Gold bears too complacent about Grexit

Gold bears are too complacent about Grexit

The Death of Socrates

Weakness returned to the gold market on Monday as eurozone troubles fade from headlines and the focus shifts to US economic fundamentals, the rampant dollar and a likely June rise in interest rates.

In quiet afternoon trade in New York, gold for delivery in April fell by $5 an ounce from Friday's close to exchange hands for $1,274.40 an ounce.

The metal is still trading up some $90 or 7% in 2015, but the strong upwards momentum and break above $1,300 was halted last week Thursday when the price plunged $35 during the worst trading session in more than a year.

Capital Economics believes falling oil prices encouraging further loosening in monetary policy around the world and events in the eurozone will support the gold price this year:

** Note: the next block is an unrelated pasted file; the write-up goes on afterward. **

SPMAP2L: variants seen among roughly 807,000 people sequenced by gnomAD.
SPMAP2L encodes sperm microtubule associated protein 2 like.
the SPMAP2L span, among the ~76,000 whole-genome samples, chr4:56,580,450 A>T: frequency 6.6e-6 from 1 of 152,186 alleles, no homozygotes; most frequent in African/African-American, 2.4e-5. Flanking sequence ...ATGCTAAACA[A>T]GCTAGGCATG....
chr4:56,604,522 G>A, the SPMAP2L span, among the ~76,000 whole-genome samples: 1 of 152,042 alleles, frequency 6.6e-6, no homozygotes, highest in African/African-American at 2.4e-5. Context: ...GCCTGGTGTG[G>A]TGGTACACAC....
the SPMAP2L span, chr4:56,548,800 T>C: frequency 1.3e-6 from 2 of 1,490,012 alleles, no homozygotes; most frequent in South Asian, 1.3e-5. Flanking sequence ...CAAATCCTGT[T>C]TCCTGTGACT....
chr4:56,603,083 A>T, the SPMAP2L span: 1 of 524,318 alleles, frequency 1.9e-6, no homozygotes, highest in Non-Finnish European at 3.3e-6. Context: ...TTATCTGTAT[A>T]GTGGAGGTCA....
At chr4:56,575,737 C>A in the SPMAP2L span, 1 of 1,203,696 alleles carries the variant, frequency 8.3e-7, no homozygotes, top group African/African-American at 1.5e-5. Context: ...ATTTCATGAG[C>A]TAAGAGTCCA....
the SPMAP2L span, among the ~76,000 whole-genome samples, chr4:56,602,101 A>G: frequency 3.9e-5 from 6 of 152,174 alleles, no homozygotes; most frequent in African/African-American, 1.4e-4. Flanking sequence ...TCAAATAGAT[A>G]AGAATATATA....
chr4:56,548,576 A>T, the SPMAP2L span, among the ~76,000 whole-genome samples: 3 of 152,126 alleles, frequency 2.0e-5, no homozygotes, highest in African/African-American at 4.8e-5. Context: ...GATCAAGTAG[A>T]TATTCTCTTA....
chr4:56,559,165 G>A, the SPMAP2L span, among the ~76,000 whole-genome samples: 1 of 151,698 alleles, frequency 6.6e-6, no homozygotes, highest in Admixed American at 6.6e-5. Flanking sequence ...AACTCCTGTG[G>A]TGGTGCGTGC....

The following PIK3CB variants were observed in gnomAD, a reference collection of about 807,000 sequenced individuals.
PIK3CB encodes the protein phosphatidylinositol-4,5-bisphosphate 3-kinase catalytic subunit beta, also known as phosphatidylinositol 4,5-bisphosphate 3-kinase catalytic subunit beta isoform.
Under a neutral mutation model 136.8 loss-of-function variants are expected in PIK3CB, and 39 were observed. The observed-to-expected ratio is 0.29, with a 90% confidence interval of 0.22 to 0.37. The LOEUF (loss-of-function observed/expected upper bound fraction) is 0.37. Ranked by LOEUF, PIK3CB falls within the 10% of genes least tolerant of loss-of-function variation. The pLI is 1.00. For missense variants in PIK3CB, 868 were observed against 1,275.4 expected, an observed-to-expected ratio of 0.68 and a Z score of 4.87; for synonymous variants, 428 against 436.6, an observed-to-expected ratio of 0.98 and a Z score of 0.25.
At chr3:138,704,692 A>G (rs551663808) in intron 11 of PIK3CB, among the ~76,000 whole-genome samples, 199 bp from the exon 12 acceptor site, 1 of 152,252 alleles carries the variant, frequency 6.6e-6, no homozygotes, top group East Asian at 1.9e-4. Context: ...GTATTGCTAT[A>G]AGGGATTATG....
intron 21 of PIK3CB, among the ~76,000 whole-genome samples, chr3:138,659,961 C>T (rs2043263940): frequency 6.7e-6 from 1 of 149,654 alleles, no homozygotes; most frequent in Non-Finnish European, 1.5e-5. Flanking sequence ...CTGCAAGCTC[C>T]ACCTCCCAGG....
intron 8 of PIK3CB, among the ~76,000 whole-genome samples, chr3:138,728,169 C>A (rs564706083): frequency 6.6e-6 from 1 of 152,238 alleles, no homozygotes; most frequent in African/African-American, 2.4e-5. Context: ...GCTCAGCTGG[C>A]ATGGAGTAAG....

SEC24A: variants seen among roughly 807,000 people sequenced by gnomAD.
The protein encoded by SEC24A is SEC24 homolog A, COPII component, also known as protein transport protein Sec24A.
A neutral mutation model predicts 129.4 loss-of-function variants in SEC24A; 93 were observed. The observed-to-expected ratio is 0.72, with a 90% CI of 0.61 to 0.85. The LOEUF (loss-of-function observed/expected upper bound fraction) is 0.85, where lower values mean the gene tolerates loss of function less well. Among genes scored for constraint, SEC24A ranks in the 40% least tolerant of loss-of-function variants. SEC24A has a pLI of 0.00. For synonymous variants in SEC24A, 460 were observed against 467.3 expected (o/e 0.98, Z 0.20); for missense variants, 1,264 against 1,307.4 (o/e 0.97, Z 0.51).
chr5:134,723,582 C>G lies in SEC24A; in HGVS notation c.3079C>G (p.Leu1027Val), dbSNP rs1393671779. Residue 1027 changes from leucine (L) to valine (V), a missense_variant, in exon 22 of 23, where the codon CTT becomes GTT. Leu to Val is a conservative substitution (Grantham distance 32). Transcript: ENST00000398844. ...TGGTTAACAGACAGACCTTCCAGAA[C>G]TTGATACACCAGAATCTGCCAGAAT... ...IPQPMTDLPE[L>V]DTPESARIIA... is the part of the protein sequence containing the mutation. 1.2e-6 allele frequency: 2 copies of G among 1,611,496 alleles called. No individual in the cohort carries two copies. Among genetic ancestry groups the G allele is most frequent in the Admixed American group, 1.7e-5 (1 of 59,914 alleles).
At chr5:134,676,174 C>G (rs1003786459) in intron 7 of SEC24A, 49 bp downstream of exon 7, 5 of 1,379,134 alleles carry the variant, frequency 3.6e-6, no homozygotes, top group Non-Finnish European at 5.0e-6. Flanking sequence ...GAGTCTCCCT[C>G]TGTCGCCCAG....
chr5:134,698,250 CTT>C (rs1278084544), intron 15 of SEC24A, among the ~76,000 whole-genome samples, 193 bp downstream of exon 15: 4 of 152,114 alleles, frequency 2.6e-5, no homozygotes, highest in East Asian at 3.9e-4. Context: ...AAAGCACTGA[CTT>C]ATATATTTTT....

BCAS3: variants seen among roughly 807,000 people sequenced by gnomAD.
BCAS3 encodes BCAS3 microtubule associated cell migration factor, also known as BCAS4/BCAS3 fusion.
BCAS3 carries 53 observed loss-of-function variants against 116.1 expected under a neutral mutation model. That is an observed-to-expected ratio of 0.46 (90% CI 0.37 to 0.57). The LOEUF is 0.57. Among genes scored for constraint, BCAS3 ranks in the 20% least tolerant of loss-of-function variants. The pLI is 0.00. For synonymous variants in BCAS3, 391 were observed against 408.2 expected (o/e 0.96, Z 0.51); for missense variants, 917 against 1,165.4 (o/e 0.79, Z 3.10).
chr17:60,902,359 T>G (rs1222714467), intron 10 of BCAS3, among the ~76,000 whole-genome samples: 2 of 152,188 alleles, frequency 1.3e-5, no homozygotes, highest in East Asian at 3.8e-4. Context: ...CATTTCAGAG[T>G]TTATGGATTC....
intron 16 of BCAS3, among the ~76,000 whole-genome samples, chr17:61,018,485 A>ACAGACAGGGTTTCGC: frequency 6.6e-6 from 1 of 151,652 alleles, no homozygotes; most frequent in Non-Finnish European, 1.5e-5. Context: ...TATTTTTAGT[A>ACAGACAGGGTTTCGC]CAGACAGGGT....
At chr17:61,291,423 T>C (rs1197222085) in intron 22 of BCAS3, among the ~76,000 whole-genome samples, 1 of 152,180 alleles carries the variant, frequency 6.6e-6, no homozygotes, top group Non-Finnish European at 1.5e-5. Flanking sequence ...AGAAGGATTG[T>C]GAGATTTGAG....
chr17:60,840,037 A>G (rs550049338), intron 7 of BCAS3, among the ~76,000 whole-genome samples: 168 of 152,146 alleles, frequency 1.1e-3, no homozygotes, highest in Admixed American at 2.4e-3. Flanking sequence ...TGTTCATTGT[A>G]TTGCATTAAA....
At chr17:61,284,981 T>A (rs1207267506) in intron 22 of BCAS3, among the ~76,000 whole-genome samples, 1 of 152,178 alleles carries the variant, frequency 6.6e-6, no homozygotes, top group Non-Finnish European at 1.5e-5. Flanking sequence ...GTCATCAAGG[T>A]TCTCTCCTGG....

"The sanguine response to the Syriza victory reflects confidence that the new government and the Troika will reach a mutually acceptable solution to Greece’s debt problems, the still-low probability attached by investors to Greek exit from the euro, and faith in the ECB’s ability to limit contagion. This all seems complacent to us.

"Expectations that Greece’s fiscal problems can be addressed by a “restructuring” of its debts overlook the fact that most of the viable adjustments have already been made. Only a substantial write-down will materially alter Greece’s debt trajectory – an option that the Troika will very strongly resist."

The independent research house expects the gold price to reach $1,400 per ounce by the end of the year. That's on the high end of consensus estimates.

A new survey by the London Bullion Market Association of 35 analysts, indicated gold will trade in a narrow band this year to average $1,211 a troy ounce with a range between $1,085 and $1,356 during 2015.

Photo of painting The Death of Socrates by Jacques-Louis David (1787) taken by Thomas Hawk